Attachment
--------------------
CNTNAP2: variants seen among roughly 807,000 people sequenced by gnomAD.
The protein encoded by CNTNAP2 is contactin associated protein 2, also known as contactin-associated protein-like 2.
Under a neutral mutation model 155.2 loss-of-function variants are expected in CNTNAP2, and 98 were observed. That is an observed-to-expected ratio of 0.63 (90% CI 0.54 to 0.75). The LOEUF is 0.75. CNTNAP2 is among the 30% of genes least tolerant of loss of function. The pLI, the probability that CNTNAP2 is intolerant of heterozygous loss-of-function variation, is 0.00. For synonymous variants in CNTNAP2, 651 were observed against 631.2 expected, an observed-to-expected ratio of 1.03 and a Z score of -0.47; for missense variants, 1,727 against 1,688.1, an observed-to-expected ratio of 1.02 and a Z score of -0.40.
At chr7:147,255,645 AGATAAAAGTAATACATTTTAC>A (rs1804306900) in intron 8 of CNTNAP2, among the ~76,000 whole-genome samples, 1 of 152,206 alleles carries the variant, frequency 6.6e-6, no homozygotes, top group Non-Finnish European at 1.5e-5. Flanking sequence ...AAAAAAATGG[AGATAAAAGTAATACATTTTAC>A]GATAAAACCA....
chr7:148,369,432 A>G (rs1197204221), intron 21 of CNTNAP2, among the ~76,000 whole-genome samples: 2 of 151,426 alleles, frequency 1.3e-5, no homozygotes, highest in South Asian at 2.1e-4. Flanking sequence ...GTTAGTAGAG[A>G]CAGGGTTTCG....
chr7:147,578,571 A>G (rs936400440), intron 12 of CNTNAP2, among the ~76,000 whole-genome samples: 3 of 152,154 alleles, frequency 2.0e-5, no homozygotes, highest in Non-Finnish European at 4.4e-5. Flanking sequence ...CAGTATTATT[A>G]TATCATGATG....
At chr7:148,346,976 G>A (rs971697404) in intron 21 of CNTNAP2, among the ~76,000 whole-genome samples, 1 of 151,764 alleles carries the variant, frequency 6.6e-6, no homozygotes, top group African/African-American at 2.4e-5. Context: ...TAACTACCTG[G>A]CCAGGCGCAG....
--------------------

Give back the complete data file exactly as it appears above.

CNTNAP2: variants seen among roughly 807,000 people sequenced by gnomAD.
The protein encoded by CNTNAP2 is contactin associated protein 2, also known as contactin-associated protein-like 2.
Under a neutral mutation model 155.2 loss-of-function variants are expected in CNTNAP2, and 98 were observed. That is an observed-to-expected ratio of 0.63 (90% CI 0.54 to 0.75). The LOEUF is 0.75. CNTNAP2 is among the 30% of genes least tolerant of loss of function. The pLI, the probability that CNTNAP2 is intolerant of heterozygous loss-of-function variation, is 0.00. For synonymous variants in CNTNAP2, 651 were observed against 631.2 expected, an observed-to-expected ratio of 1.03 and a Z score of -0.47; for missense variants, 1,727 against 1,688.1, an observed-to-expected ratio of 1.02 and a Z score of -0.40.
At chr7:147,255,645 AGATAAAAGTAATACATTTTAC>A (rs1804306900) in intron 8 of CNTNAP2, among the ~76,000 whole-genome samples, 1 of 152,206 alleles carries the variant, frequency 6.6e-6, no homozygotes, top group Non-Finnish European at 1.5e-5. Flanking sequence ...AAAAAAATGG[AGATAAAAGTAATACATTTTAC>A]GATAAAACCA....
chr7:148,369,432 A>G (rs1197204221), intron 21 of CNTNAP2, among the ~76,000 whole-genome samples: 2 of 151,426 alleles, frequency 1.3e-5, no homozygotes, highest in South Asian at 2.1e-4. Flanking sequence ...GTTAGTAGAG[A>G]CAGGGTTTCG....
chr7:147,578,571 A>G (rs936400440), intron 12 of CNTNAP2, among the ~76,000 whole-genome samples: 3 of 152,154 alleles, frequency 2.0e-5, no homozygotes, highest in Non-Finnish European at 4.4e-5. Flanking sequence ...CAGTATTATT[A>G]TATCATGATG....
At chr7:148,346,976 G>A (rs971697404) in intron 21 of CNTNAP2, among the ~76,000 whole-genome samples, 1 of 151,764 alleles carries the variant, frequency 6.6e-6, no homozygotes, top group African/African-American at 2.4e-5. Context: ...TAACTACCTG[G>A]CCAGGCGCAG....